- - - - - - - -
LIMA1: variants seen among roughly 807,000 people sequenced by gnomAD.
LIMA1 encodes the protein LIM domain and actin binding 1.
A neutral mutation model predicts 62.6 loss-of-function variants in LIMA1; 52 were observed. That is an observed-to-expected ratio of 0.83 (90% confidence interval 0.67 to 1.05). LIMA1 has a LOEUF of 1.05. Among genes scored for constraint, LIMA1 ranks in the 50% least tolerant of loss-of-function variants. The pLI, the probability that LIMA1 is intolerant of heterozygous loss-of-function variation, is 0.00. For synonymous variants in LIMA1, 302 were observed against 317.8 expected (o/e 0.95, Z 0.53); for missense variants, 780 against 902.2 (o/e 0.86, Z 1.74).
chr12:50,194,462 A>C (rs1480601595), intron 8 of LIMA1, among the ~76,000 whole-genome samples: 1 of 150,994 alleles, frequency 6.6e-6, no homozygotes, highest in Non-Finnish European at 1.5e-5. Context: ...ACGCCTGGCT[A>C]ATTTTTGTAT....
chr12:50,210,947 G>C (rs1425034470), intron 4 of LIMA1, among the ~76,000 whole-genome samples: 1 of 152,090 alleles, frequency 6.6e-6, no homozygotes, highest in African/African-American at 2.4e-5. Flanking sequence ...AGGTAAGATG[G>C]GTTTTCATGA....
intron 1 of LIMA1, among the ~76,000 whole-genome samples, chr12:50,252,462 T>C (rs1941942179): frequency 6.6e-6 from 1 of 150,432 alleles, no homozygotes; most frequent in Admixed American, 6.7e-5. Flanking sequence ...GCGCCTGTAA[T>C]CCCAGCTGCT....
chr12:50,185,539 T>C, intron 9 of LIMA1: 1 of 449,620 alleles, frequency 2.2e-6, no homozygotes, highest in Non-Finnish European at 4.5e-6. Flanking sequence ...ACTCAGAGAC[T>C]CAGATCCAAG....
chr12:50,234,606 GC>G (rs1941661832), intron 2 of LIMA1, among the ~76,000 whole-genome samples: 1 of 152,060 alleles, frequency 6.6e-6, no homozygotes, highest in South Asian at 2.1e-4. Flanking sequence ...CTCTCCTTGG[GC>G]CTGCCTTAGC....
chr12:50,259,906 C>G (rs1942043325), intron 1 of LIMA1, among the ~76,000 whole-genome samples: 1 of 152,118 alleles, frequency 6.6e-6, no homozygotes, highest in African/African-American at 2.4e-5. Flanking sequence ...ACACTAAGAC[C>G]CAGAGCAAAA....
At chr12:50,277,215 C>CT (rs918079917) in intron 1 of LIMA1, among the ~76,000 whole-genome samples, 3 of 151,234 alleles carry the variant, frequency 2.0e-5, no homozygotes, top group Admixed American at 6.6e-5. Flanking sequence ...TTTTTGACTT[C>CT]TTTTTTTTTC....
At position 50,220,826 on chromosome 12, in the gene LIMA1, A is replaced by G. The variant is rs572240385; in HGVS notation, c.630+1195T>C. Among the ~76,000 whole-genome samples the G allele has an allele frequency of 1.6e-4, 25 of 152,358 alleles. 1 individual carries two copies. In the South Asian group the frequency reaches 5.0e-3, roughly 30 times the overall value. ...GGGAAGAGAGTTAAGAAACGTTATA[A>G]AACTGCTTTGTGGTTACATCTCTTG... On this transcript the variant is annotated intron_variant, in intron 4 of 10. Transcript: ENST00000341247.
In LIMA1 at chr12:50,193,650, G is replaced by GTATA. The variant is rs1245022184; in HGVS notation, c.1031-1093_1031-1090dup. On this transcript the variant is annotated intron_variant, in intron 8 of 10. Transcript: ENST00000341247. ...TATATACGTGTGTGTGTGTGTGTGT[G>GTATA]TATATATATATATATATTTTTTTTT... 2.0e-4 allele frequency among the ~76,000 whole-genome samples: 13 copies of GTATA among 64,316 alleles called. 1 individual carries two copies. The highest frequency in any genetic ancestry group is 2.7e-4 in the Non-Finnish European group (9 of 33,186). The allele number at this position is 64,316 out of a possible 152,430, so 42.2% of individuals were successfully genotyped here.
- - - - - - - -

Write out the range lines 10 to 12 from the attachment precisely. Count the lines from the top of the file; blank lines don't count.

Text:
At chr12:50,277,215 C>CT (rs918079917) in intron 1 of LIMA1, among the ~76,000 whole-genome samples, 3 of 151,234 alleles carry the variant, frequency 2.0e-5, no homozygotes, top group Admixed American at 6.6e-5. Flanking sequence ...TTTTTGACTT[C>CT]TTTTTTTTTC....
At position 50,220,826 on chromosome 12, in the gene LIMA1, A is replaced by G. The variant is rs572240385; in HGVS notation, c.630+1195T>C. Among the ~76,000 whole-genome samples the G allele has an allele frequency of 1.6e-4, 25 of 152,358 alleles. 1 individual carries two copies. In the South Asian group the frequency reaches 5.0e-3, roughly 30 times the overall value. ...GGGAAGAGAGTTAAGAAACGTTATA[A>G]AACTGCTTTGTGGTTACATCTCTTG... On this transcript the variant is annotated intron_variant, in intron 4 of 10. Transcript: ENST00000341247.
In LIMA1 at chr12:50,193,650, G is replaced by GTATA. The variant is rs1245022184; in HGVS notation, c.1031-1093_1031-1090dup. On this transcript the variant is annotated intron_variant, in intron 8 of 10. Transcript: ENST00000341247. ...TATATACGTGTGTGTGTGTGTGTGT[G>GTATA]TATATATATATATATATTTTTTTTT... 2.0e-4 allele frequency among the ~76,000 whole-genome samples: 13 copies of GTATA among 64,316 alleles called. 1 individual carries two copies. The highest frequency in any genetic ancestry group is 2.7e-4 in the Non-Finnish European group (9 of 33,186). The allele number at this position is 64,316 out of a possible 152,430, so 42.2% of individuals were successfully genotyped here.